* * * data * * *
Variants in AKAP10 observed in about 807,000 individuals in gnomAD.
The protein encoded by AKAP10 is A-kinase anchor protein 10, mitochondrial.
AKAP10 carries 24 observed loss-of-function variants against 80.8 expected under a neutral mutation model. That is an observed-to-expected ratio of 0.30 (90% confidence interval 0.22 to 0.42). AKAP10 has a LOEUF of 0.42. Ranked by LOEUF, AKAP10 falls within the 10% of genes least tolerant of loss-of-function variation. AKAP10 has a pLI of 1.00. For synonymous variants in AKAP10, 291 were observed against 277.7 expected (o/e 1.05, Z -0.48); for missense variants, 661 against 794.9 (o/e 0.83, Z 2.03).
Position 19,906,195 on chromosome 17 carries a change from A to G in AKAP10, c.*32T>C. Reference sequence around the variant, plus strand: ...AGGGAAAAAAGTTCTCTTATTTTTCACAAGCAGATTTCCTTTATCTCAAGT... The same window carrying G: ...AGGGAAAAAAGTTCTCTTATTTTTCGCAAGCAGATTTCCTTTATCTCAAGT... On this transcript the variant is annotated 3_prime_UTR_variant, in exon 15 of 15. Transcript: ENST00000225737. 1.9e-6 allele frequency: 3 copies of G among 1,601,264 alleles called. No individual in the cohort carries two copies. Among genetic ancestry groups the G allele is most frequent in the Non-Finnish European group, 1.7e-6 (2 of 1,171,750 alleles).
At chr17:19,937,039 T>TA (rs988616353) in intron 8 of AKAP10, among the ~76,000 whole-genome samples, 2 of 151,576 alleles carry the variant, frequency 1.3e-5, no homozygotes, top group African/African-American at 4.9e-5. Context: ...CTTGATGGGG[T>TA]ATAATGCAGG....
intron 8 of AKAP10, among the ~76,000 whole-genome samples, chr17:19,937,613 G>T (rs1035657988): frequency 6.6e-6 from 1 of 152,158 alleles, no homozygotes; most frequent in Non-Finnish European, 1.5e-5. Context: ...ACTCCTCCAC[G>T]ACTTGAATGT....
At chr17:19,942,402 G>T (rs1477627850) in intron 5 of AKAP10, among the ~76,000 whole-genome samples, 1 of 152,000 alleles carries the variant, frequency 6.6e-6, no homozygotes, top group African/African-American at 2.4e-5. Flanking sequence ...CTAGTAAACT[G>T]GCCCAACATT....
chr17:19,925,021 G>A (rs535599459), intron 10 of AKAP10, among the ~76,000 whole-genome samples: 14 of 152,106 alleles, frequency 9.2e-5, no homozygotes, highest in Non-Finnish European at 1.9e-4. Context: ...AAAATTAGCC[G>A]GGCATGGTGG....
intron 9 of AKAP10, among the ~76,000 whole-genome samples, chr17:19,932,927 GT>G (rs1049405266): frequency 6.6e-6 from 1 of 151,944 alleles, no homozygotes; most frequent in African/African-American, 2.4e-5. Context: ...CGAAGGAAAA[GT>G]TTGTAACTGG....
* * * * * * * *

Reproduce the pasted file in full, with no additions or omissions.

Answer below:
Variants in AKAP10 observed in about 807,000 individuals in gnomAD.
The protein encoded by AKAP10 is A-kinase anchor protein 10, mitochondrial.
AKAP10 carries 24 observed loss-of-function variants against 80.8 expected under a neutral mutation model. That is an observed-to-expected ratio of 0.30 (90% confidence interval 0.22 to 0.42). AKAP10 has a LOEUF of 0.42. Ranked by LOEUF, AKAP10 falls within the 10% of genes least tolerant of loss-of-function variation. AKAP10 has a pLI of 1.00. For synonymous variants in AKAP10, 291 were observed against 277.7 expected (o/e 1.05, Z -0.48); for missense variants, 661 against 794.9 (o/e 0.83, Z 2.03).
Position 19,906,195 on chromosome 17 carries a change from A to G in AKAP10, c.*32T>C. Reference sequence around the variant, plus strand: ...AGGGAAAAAAGTTCTCTTATTTTTCACAAGCAGATTTCCTTTATCTCAAGT... The same window carrying G: ...AGGGAAAAAAGTTCTCTTATTTTTCGCAAGCAGATTTCCTTTATCTCAAGT... On this transcript the variant is annotated 3_prime_UTR_variant, in exon 15 of 15. Transcript: ENST00000225737. 1.9e-6 allele frequency: 3 copies of G among 1,601,264 alleles called. No individual in the cohort carries two copies. Among genetic ancestry groups the G allele is most frequent in the Non-Finnish European group, 1.7e-6 (2 of 1,171,750 alleles).
At chr17:19,937,039 T>TA (rs988616353) in intron 8 of AKAP10, among the ~76,000 whole-genome samples, 2 of 151,576 alleles carry the variant, frequency 1.3e-5, no homozygotes, top group African/African-American at 4.9e-5. Context: ...CTTGATGGGG[T>TA]ATAATGCAGG....
intron 8 of AKAP10, among the ~76,000 whole-genome samples, chr17:19,937,613 G>T (rs1035657988): frequency 6.6e-6 from 1 of 152,158 alleles, no homozygotes; most frequent in Non-Finnish European, 1.5e-5. Context: ...ACTCCTCCAC[G>T]ACTTGAATGT....
At chr17:19,942,402 G>T (rs1477627850) in intron 5 of AKAP10, among the ~76,000 whole-genome samples, 1 of 152,000 alleles carries the variant, frequency 6.6e-6, no homozygotes, top group African/African-American at 2.4e-5. Flanking sequence ...CTAGTAAACT[G>T]GCCCAACATT....
chr17:19,925,021 G>A (rs535599459), intron 10 of AKAP10, among the ~76,000 whole-genome samples: 14 of 152,106 alleles, frequency 9.2e-5, no homozygotes, highest in Non-Finnish European at 1.9e-4. Context: ...AAAATTAGCC[G>A]GGCATGGTGG....
intron 9 of AKAP10, among the ~76,000 whole-genome samples, chr17:19,932,927 GT>G (rs1049405266): frequency 6.6e-6 from 1 of 151,944 alleles, no homozygotes; most frequent in African/African-American, 2.4e-5. Context: ...CGAAGGAAAA[GT>G]TTGTAACTGG....